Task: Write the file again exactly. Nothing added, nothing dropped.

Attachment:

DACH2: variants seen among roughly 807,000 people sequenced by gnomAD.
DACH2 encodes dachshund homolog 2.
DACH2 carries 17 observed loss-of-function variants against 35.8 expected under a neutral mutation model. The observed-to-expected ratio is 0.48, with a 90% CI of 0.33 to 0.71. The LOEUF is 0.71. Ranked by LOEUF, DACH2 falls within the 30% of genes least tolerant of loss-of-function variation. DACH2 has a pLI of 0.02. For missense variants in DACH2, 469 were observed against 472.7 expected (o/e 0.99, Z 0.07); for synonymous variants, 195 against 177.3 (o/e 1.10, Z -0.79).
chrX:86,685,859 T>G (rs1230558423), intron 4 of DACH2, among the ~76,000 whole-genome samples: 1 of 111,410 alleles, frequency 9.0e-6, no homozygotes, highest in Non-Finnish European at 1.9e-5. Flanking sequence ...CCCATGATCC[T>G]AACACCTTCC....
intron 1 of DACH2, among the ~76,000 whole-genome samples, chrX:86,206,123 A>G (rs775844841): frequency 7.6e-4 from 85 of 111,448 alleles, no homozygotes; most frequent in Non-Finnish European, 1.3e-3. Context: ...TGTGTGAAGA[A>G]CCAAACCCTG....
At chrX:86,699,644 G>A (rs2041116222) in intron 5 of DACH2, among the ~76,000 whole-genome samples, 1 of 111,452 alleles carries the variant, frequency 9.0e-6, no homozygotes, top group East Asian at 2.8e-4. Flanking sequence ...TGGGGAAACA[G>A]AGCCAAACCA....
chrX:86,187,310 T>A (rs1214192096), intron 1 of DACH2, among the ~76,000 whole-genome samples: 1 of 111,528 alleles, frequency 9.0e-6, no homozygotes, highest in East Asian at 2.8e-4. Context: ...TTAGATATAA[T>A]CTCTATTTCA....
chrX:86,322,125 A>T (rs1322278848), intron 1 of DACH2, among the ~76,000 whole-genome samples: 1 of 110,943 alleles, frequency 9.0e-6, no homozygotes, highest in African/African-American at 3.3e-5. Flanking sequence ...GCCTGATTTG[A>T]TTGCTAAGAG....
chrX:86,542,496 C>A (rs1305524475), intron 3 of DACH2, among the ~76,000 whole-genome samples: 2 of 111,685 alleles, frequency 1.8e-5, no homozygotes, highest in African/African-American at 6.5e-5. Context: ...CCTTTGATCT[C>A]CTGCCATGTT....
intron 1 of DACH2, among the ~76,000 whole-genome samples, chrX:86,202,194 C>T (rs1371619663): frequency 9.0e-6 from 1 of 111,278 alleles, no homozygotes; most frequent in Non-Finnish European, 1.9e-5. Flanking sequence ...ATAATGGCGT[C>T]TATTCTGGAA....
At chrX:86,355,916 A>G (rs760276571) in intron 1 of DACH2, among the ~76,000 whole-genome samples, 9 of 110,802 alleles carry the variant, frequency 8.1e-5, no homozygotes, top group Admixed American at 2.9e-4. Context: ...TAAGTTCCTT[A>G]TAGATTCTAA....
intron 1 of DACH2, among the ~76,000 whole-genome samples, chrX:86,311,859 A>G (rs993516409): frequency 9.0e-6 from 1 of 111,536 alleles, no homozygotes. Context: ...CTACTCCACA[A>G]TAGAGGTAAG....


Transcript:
DACH2: variants seen among roughly 807,000 people sequenced by gnomAD.
DACH2 encodes dachshund homolog 2.
DACH2 carries 17 observed loss-of-function variants against 35.8 expected under a neutral mutation model. The observed-to-expected ratio is 0.48, with a 90% CI of 0.33 to 0.71. The LOEUF is 0.71. Ranked by LOEUF, DACH2 falls within the 30% of genes least tolerant of loss-of-function variation. DACH2 has a pLI of 0.02. For missense variants in DACH2, 469 were observed against 472.7 expected (o/e 0.99, Z 0.07); for synonymous variants, 195 against 177.3 (o/e 1.10, Z -0.79).
chrX:86,685,859 T>G (rs1230558423), intron 4 of DACH2, among the ~76,000 whole-genome samples: 1 of 111,410 alleles, frequency 9.0e-6, no homozygotes, highest in Non-Finnish European at 1.9e-5. Flanking sequence ...CCCATGATCC[T>G]AACACCTTCC....
intron 1 of DACH2, among the ~76,000 whole-genome samples, chrX:86,206,123 A>G (rs775844841): frequency 7.6e-4 from 85 of 111,448 alleles, no homozygotes; most frequent in Non-Finnish European, 1.3e-3. Context: ...TGTGTGAAGA[A>G]CCAAACCCTG....
At chrX:86,699,644 G>A (rs2041116222) in intron 5 of DACH2, among the ~76,000 whole-genome samples, 1 of 111,452 alleles carries the variant, frequency 9.0e-6, no homozygotes, top group East Asian at 2.8e-4. Flanking sequence ...TGGGGAAACA[G>A]AGCCAAACCA....
chrX:86,187,310 T>A (rs1214192096), intron 1 of DACH2, among the ~76,000 whole-genome samples: 1 of 111,528 alleles, frequency 9.0e-6, no homozygotes, highest in East Asian at 2.8e-4. Context: ...TTAGATATAA[T>A]CTCTATTTCA....
chrX:86,322,125 A>T (rs1322278848), intron 1 of DACH2, among the ~76,000 whole-genome samples: 1 of 110,943 alleles, frequency 9.0e-6, no homozygotes, highest in African/African-American at 3.3e-5. Flanking sequence ...GCCTGATTTG[A>T]TTGCTAAGAG....
chrX:86,542,496 C>A (rs1305524475), intron 3 of DACH2, among the ~76,000 whole-genome samples: 2 of 111,685 alleles, frequency 1.8e-5, no homozygotes, highest in African/African-American at 6.5e-5. Context: ...CCTTTGATCT[C>A]CTGCCATGTT....
intron 1 of DACH2, among the ~76,000 whole-genome samples, chrX:86,202,194 C>T (rs1371619663): frequency 9.0e-6 from 1 of 111,278 alleles, no homozygotes; most frequent in Non-Finnish European, 1.9e-5. Flanking sequence ...ATAATGGCGT[C>T]TATTCTGGAA....
At chrX:86,355,916 A>G (rs760276571) in intron 1 of DACH2, among the ~76,000 whole-genome samples, 9 of 110,802 alleles carry the variant, frequency 8.1e-5, no homozygotes, top group Admixed American at 2.9e-4. Context: ...TAAGTTCCTT[A>G]TAGATTCTAA....
intron 1 of DACH2, among the ~76,000 whole-genome samples, chrX:86,311,859 A>G (rs993516409): frequency 9.0e-6 from 1 of 111,536 alleles, no homozygotes. Context: ...CTACTCCACA[A>G]TAGAGGTAAG....